The challenge: “writing, arranging, performing, recording, editing and mastering an album from scratch to release in 7 days.” The players: a cross-section of the bigo & twigetti roster, including Antonymes, Beatrice Chaume, Chris Perren (Nonsemble), Jim Perkins, Leah Kardos, Lucy Claire, Richard Talbot (Marconi Union) & Tiny Leaves. The results: sublime.
I’m a little bit jealous: this is a group I’d love to hang out with. I’ve never met any of the composer/performers, but I can picture them signing on for the project, each encouraged by the availability of the next. There they are in the studio, trading, scrapping and adopting ideas. Does this work? What do you think of this? Can we get a piano in here? Can we record anyone’s footsteps, or does one of us have particularly appealing sonic feet?
As we’re familiar with most of these artists, it’s relatively easy to guess who’s doing what, but not always; the pleasure is hearing how they mesh. One can intuit the atmospheres of Antonymes, the interlocking melodies of Lucy Claire, the tender ivories of Tiny Leaves. These songs are sometimes lovely, sometimes dark (as in the brooding bass of the appropriately-titled “Another Direction”). Cultures collide on “Connection Error”, a dance track with “Tusk”-like rhythms that incorporates thoughtful piano. More often, ambient and classical timbres win out, although even these include extra touches, such as the (very) light glitch of “Introspect”.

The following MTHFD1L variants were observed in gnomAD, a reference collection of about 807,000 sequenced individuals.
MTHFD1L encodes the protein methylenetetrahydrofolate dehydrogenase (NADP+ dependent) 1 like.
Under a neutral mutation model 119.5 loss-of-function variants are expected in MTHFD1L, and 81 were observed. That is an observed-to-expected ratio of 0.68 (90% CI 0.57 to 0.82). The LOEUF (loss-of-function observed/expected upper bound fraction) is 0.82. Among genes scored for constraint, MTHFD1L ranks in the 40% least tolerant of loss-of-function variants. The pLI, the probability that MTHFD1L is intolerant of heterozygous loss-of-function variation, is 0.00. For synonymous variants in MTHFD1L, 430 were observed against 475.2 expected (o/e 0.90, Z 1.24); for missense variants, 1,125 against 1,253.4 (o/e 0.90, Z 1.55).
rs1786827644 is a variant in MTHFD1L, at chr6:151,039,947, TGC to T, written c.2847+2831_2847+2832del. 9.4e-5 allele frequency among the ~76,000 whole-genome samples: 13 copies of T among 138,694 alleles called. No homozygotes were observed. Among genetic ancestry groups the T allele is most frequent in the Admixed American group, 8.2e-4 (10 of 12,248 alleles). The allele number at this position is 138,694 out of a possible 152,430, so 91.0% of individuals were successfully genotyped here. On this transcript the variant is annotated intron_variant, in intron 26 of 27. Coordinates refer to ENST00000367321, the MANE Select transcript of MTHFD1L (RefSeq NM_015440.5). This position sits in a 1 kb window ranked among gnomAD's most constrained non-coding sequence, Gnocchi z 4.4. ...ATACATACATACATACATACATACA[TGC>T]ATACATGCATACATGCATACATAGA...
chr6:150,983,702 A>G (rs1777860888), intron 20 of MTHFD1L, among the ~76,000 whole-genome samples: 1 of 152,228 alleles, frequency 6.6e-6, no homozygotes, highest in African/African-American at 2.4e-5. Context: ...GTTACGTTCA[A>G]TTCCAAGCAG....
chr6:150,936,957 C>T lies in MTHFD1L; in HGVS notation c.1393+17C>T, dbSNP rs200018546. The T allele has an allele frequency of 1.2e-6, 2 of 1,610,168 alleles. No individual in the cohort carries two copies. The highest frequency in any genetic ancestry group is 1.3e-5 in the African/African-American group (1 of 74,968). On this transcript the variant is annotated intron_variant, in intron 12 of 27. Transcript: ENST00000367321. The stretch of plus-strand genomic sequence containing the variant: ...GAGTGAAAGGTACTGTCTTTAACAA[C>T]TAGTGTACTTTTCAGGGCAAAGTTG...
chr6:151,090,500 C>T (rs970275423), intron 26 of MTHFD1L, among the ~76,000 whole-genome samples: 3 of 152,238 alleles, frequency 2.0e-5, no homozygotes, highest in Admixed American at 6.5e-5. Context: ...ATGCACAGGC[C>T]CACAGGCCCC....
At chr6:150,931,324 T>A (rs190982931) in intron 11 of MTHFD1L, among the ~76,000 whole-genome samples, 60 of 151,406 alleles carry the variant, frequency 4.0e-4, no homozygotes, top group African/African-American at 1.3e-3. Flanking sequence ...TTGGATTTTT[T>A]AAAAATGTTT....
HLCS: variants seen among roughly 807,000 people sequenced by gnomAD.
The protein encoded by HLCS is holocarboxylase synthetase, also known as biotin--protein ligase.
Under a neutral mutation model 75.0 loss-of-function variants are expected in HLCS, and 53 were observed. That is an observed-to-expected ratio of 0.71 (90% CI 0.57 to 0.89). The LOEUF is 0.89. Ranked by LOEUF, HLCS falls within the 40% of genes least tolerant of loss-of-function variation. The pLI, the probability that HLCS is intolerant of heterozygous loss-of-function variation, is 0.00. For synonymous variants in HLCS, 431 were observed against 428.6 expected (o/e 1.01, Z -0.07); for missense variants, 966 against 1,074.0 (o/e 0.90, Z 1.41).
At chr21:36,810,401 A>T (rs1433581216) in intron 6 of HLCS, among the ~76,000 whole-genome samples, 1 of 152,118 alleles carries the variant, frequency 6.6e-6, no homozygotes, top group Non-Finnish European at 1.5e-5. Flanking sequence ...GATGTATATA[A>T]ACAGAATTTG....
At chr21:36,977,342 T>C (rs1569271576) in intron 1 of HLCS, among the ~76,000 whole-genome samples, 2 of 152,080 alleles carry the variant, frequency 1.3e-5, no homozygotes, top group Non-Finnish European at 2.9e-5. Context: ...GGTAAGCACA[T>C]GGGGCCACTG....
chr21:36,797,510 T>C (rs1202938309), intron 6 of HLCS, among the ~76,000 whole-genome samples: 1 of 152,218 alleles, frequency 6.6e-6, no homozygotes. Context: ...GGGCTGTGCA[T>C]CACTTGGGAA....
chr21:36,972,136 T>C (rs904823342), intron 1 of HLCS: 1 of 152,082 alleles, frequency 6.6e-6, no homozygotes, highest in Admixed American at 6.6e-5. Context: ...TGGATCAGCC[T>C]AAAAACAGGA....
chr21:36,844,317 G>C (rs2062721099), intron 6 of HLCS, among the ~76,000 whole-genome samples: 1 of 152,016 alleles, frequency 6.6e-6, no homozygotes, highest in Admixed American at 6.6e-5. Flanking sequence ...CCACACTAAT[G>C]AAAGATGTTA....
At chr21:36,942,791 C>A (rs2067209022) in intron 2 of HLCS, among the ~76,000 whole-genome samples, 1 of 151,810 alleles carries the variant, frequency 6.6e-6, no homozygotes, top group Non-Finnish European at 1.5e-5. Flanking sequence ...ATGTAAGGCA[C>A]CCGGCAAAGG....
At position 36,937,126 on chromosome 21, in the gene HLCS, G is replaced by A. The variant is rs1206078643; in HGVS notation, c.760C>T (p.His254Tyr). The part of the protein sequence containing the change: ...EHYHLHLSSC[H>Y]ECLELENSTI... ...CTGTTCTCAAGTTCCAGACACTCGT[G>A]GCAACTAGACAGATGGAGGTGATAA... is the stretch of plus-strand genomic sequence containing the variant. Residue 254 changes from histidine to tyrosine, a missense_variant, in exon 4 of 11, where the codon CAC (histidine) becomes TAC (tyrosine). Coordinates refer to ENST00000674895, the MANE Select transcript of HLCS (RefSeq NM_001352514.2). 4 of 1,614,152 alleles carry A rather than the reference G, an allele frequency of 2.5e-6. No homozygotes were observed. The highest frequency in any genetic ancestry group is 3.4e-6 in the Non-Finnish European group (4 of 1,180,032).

The best tracks ~ and perhaps we are displaying a genre preference here ~ are the string-laced selections, which achieve a degree of transcendence. “Sketches” is one of these, an autumnal composition with a somewhat ironic title, as it arrives fully formed. The aforementioned footsteps seem appropriate for the season, as we walk resolutely into fall, whether we want to or not. Seeking strings, hopeful piano and supportive electronics meld like shades of amber, crimson and gold. The same holds true for “Reflection”, which presents us with the final waves of summer, melancholic and resigned, yet not dismayed. As the physical waves begin to diminish, the sonic waves advance, a perfect reflection of the title. And “Detachment” offers swirls of leaves that land in piles of bells, making everything glimmer and ring.
The collaborative spirit is alive and well at bigo & twigetti; we congratulate the artists on a beautiful set that seems like it might have taken a year to complete, had we not known otherwise. (Richard Allen)